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Lenten Devotions from Fourth Presbyterian Church

Sunday, May 3, 2020  

Today’s Hymn

Holy, holy, holy! Lord God Almighty!
Early in the morning our song shall rise to thee.
Holy, holy, holy! merciful and mighty!
God in three persons, blessed Trinity!

Holy, holy, holy! all the saints adore thee,
casting down their golden crowns around the glassy sea;
cherubim and seraphim falling down before thee,
who wert, and art, and evermore shalt be.

“Holy, Holy, Holy! Lord God Almighty!” (vv. 1–2) by Reginald Heber
Hymn 1, Glory to God: The Presbyterian Hymnal

Reflection
Søren Kierkegaard, a Danish philosopher in the nineteenth century, once clarified a common and harmful misconception about worship using the analogy of a drama. “When we come to worship God, we generally feel as though the preacher and other ministers are the performers, God is the subject of the performance, and we as the congregation are merely the audience, but this is a terrible misunderstanding of worship. Authentic Christian worship is just the opposite. We, the congregation, are the performers. The preachers and other ministers are the directors of the performance, and God is the audience.” The congregation has the most important and active role in worship. Worship is not about what we as a congregation passively receive but more about what we actively offer to God: our full heart, mind, and soul. We offer our talents and our whole lives to God in worship and throughout each day.

“Holy, holy, holy! Lord God Almighty! Early in the morning our song shall rise to thee. Holy, holy, holy! Merciful and mighty, God in three persons, blessed Trinity!” The opening verses of this popular hymn bring Kierkegaard’s words to life each time we sing them. By greeting and describing who God is for each of us, these words make clear that we the congregation are the performers addressing God, our audience: “Our song shall rise to thee.” It is fitting that this hymn is first in our Glory to God hymnal, establishing this right relationship with God from the beginning. Even the title of the hymnal, Glory to God, is a reminder of Kierkegaard’s analogy. The glory belongs to God, not to us.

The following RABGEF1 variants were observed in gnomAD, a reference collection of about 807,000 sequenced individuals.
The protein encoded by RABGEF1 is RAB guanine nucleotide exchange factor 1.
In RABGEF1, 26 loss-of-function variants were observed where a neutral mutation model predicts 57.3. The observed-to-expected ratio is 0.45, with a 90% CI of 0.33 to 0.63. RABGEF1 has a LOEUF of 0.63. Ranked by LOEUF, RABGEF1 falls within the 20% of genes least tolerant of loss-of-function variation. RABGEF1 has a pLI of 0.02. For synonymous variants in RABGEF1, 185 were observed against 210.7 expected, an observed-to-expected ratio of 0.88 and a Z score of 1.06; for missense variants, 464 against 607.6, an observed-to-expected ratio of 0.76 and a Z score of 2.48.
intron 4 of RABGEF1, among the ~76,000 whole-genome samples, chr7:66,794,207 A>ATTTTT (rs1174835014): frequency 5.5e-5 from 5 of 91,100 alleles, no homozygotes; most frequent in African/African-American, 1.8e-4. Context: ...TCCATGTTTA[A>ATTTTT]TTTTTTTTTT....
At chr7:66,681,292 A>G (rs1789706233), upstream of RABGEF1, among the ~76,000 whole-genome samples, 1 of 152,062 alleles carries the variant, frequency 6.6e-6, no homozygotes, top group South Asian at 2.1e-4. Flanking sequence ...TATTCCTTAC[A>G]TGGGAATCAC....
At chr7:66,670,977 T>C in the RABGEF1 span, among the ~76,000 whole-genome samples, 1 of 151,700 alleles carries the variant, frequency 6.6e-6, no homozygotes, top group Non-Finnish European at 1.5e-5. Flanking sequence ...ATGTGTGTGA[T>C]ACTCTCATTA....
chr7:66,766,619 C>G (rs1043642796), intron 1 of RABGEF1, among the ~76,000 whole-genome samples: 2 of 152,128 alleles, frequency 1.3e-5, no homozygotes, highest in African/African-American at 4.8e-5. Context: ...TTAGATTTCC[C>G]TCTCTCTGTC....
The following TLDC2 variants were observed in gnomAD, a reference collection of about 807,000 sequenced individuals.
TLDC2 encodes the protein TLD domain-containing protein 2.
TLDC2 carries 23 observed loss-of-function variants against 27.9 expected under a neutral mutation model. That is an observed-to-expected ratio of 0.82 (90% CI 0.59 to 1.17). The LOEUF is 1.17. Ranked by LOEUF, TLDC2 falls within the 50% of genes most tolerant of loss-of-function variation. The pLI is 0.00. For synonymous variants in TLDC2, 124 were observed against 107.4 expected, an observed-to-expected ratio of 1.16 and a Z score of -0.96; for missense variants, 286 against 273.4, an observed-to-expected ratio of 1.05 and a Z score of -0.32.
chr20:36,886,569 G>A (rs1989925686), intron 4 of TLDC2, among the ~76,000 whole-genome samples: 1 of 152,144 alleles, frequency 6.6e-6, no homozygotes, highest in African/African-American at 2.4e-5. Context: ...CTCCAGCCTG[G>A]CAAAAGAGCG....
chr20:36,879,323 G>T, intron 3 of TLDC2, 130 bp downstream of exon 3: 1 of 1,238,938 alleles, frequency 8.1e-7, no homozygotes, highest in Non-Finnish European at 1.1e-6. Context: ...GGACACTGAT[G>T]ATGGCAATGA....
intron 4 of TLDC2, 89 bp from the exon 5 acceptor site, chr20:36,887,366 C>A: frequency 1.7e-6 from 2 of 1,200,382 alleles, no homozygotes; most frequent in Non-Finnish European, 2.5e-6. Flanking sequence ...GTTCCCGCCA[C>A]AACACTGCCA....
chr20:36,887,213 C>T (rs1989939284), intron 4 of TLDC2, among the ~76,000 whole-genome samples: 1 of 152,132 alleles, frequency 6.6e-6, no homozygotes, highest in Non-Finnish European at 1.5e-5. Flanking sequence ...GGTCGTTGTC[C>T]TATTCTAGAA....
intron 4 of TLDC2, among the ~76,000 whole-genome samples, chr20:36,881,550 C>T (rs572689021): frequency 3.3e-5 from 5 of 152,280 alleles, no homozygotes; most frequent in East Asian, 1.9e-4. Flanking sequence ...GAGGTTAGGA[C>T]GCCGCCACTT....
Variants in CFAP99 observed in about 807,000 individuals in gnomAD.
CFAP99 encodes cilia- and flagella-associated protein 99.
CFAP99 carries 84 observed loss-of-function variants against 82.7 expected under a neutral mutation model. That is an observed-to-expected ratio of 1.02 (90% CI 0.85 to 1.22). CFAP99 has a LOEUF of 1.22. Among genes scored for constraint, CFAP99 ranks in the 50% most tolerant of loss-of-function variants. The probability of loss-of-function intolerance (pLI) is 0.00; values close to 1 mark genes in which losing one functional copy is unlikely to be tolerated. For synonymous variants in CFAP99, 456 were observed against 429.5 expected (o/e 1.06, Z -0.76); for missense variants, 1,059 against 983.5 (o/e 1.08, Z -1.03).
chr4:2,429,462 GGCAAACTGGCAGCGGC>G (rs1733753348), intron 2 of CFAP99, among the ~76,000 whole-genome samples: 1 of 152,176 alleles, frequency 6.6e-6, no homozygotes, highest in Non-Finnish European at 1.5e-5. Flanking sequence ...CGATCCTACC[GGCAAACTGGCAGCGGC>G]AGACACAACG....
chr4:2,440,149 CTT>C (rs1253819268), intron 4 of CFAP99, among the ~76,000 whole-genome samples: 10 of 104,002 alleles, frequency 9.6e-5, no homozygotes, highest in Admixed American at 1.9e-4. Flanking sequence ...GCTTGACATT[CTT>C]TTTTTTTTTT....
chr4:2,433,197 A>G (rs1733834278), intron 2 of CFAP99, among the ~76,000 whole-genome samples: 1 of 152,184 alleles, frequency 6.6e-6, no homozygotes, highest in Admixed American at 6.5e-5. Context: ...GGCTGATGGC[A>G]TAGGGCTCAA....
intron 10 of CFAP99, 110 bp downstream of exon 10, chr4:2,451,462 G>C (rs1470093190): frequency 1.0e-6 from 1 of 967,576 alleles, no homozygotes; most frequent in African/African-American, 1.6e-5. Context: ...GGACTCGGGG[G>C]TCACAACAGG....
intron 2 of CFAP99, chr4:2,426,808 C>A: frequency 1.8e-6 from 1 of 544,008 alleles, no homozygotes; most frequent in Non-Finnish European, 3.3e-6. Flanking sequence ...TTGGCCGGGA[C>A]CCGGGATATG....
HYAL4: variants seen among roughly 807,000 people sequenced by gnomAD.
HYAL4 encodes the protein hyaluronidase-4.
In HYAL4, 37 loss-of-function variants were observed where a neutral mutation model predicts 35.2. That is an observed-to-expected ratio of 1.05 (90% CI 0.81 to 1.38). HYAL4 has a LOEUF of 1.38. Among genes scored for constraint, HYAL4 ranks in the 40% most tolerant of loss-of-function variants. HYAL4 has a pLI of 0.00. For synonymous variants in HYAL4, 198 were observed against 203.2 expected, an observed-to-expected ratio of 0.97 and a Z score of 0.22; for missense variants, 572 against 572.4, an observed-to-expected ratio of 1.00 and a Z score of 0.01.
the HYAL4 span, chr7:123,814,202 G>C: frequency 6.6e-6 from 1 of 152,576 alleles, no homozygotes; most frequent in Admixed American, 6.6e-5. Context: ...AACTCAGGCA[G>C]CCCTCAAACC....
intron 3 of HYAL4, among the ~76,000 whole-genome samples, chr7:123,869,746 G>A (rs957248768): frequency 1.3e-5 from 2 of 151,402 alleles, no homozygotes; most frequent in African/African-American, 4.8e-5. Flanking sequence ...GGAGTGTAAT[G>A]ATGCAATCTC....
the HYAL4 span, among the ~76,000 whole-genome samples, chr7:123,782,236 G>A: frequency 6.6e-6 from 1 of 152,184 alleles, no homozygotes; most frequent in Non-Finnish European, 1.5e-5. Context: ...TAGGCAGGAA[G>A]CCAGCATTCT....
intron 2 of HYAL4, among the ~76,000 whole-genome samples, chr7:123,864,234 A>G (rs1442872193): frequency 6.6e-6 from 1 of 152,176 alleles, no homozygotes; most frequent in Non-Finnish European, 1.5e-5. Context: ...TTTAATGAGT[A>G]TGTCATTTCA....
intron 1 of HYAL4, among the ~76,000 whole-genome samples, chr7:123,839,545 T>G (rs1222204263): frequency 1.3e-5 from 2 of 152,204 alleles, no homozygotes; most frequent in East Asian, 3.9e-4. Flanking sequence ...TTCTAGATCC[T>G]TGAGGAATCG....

“Holy, holy, holy! All the saints adore thee, casting down their golden crowns around the glassy sea; cherubim and seraphim falling down before thee, who wert, and art, and evermore shalt be.” The second verse reminds us that when we worship God, we join with the angels in heaven and across all ages who praise God continuously. They live in God’s unending love; they are illumined and bathed in the perpetual light of God. In this life we strive to share in that love, that light. We can choose each day to make it more real for ourselves and for all those around us, until one day we will be made one with God again and know only love, only light.

Prayer
Holy God, help me to love and worship you with my whole being, heart, mind, and soul. Let my whole life be devoted to you so that I may become one with you in love and light. Amen.

Written by John W. W. Sherer, Organist and Director of Music

Reflection and Prayer © Fourth Presbyterian Church


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